In part one of this blog I acknowledged that I enjoy local food as a special treat in my diet but described three reasons that the true “locovore” concept was impractical: Limited Food Diversity, Quality Issues, and Water Issues. I’ll continue.
Many commentators have focused narrowly in the issue of “food miles,” but there is a more appropriate way to think about these issues that is the well-developed science of “Life Cycle Analysis” (LCA). That looks at energy, carbon, water or whatever is of interest across the entire life cycle of the product. So for instance, if you do an LCA comparison of lamb produced in the UK vs lamb produced in New Zealand and shipped to the UK, the energy and carbon footprint across the entire process is quite a bit better per pound of lamb from New Zealand. This is because their productivity is so much higher that it more than makes up for the ocean shipping (which is really quite energy efficient). Local food frequently has a higher carbon footprint because there are certain places that are just so much better for growing a given crop (Apples in Washington, Potatoes in Idaho, Corn in Iowa, Lettuce in the Salinas Valley, Peanuts in Georgia…). If you are a farmer you will want to grow the crops that are best suited to your location, and no location is great for everything.
The Mathematics of Land Availability
It takes hundreds of millions of acres to grow the food for the US. Our urbanized society lives in concentrated areas. There are not enough acres close to those cities to grow the crops. Also land prices are much higher close to cities making it economically impossible to grow all but the highest value crops near cities. I did some searches on how much land it takes to feed a person and found a whole bunch of estimates with a huge range of values but very little supporting information. Those that made calculations supporting the idea of “local food” failed to consider how much of the land around cities is actually suitable for food production. If someone has seen a rigorous calculation of this nature I’d be interested to look at it.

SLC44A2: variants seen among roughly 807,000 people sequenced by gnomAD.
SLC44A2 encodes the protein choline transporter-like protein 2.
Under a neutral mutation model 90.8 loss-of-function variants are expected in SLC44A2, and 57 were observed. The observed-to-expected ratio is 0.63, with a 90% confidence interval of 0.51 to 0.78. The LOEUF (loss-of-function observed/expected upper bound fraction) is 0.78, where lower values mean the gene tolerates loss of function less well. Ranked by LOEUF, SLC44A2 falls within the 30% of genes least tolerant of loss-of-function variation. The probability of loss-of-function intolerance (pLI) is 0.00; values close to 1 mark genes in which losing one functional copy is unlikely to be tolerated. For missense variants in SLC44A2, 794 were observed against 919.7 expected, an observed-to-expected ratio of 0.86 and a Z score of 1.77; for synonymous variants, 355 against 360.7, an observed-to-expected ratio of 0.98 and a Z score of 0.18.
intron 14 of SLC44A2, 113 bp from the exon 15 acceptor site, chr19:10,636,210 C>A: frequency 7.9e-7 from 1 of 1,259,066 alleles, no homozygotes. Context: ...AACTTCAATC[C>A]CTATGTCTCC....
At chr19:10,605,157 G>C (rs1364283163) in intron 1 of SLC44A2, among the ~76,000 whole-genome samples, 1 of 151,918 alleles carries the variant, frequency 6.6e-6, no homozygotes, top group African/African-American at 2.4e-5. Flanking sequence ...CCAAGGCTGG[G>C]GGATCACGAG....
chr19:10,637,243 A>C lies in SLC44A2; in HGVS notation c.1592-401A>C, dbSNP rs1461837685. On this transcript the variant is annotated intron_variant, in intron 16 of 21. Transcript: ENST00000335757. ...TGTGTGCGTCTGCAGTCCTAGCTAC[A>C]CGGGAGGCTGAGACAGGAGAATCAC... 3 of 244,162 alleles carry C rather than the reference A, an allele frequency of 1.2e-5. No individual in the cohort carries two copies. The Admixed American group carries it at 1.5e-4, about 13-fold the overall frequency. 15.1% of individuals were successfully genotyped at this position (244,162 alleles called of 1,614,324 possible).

In the US, we are blessed with vast expanses of rain-fed cropland with excellent soils, and that is the best place to grow our large acreage crops. Just because not that many people live in rural Iowa, Illinois, Indiana, Minnesota, Nebraska and Kansas… does not mean that we shouldn’t grow crops there. It is our best option from a sustainability point of view.
To reiterate, there are definitely virtues of “locally produced food” and they should be enjoyed. There are also some very good health, enjoyment, and practical reasons that even a significantly local food supply is impractical for most people living most places. I would encourage everyone to take advantage of local options when they make sense and to feel fine about anything but the few, absurd, non-local options (like water in a glass bottle shipped from Europe). I would also like to see some people reduce their “smugmissions” about how much of a locovore they are.
Photo of a Swiss produce stand by Steve Savage (probably a good mix of local and non-local food)